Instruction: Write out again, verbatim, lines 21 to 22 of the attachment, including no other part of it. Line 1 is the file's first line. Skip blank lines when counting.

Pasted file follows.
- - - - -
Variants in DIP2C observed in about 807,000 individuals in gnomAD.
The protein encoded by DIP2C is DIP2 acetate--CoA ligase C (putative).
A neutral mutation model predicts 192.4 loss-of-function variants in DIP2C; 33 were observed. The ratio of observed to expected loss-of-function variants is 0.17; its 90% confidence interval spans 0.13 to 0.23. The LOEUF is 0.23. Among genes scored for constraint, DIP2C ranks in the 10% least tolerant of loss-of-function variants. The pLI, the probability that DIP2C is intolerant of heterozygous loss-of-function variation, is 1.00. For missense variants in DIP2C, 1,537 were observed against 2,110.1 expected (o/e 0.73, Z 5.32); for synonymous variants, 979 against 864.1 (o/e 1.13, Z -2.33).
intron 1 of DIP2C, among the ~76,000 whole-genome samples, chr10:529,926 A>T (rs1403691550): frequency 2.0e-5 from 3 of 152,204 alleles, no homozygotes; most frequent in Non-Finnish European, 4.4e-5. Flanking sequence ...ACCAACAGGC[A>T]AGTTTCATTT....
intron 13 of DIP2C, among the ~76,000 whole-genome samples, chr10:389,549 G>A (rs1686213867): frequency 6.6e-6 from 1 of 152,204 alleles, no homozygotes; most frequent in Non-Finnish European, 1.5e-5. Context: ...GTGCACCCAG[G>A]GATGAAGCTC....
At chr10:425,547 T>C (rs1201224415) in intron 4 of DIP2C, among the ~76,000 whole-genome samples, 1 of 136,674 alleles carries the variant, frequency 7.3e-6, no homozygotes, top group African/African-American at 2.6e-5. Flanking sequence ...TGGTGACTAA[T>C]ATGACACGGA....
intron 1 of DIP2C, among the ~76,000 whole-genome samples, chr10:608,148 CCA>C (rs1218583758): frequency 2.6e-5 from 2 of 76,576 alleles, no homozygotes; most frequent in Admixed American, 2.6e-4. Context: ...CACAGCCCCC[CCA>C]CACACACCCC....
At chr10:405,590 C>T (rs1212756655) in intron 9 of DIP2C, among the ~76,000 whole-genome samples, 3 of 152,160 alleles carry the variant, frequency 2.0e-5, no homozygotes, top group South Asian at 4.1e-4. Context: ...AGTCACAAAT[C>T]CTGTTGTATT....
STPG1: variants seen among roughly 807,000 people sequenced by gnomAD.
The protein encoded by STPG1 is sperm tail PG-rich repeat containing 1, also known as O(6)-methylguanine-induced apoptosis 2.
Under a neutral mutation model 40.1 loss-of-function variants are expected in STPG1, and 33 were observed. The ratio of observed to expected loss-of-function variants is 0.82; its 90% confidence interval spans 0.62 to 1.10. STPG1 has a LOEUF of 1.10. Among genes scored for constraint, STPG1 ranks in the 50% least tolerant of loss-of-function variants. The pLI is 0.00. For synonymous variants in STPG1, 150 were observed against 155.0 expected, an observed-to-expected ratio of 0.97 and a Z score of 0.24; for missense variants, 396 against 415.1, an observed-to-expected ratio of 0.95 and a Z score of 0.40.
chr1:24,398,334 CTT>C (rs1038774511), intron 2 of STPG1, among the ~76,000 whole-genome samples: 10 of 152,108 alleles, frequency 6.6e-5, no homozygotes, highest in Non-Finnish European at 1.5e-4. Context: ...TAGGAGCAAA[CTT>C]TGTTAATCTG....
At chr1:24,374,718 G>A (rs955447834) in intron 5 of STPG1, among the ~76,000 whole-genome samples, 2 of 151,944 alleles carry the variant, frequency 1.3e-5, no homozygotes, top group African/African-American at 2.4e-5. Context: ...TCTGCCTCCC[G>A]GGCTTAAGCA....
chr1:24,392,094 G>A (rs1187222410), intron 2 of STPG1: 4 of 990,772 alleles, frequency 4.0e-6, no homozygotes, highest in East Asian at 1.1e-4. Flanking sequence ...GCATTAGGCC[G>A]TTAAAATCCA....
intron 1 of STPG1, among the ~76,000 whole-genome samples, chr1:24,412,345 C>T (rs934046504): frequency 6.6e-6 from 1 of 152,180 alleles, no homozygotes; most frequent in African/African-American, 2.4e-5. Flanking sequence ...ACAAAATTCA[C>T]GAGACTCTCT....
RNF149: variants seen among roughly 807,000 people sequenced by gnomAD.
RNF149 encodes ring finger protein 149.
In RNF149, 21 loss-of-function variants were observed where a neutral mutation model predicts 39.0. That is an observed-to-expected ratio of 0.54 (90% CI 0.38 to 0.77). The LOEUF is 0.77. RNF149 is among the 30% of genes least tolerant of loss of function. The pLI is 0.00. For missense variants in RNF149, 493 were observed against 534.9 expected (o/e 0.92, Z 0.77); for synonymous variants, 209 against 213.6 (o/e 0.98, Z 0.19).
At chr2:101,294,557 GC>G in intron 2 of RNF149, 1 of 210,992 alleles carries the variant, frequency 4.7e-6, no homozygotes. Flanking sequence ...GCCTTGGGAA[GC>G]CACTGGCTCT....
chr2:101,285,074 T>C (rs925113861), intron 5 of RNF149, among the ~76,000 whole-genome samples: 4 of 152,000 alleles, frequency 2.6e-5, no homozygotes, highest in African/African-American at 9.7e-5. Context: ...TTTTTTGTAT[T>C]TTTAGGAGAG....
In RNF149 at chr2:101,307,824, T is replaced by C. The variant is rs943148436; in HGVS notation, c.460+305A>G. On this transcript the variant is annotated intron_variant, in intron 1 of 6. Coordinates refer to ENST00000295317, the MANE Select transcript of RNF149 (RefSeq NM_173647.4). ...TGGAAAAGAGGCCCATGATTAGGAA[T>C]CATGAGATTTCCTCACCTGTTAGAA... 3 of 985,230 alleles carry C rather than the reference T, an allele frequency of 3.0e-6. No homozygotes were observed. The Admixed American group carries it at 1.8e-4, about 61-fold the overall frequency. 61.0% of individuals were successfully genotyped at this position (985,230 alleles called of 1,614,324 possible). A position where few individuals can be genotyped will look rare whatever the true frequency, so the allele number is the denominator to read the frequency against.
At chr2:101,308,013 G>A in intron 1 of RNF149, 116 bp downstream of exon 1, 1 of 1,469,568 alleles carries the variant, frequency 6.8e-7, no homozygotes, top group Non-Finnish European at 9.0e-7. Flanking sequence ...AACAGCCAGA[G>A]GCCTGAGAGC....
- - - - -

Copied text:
In RNF149 at chr2:101,307,824, T is replaced by C. The variant is rs943148436; in HGVS notation, c.460+305A>G. On this transcript the variant is annotated intron_variant, in intron 1 of 6. Coordinates refer to ENST00000295317, the MANE Select transcript of RNF149 (RefSeq NM_173647.4). ...TGGAAAAGAGGCCCATGATTAGGAA[T>C]CATGAGATTTCCTCACCTGTTAGAA... 3 of 985,230 alleles carry C rather than the reference T, an allele frequency of 3.0e-6. No homozygotes were observed. The Admixed American group carries it at 1.8e-4, about 61-fold the overall frequency. 61.0% of individuals were successfully genotyped at this position (985,230 alleles called of 1,614,324 possible). A position where few individuals can be genotyped will look rare whatever the true frequency, so the allele number is the denominator to read the frequency against.
At chr2:101,308,013 G>A in intron 1 of RNF149, 116 bp downstream of exon 1, 1 of 1,469,568 alleles carries the variant, frequency 6.8e-7, no homozygotes, top group Non-Finnish European at 9.0e-7. Flanking sequence ...AACAGCCAGA[G>A]GCCTGAGAGC....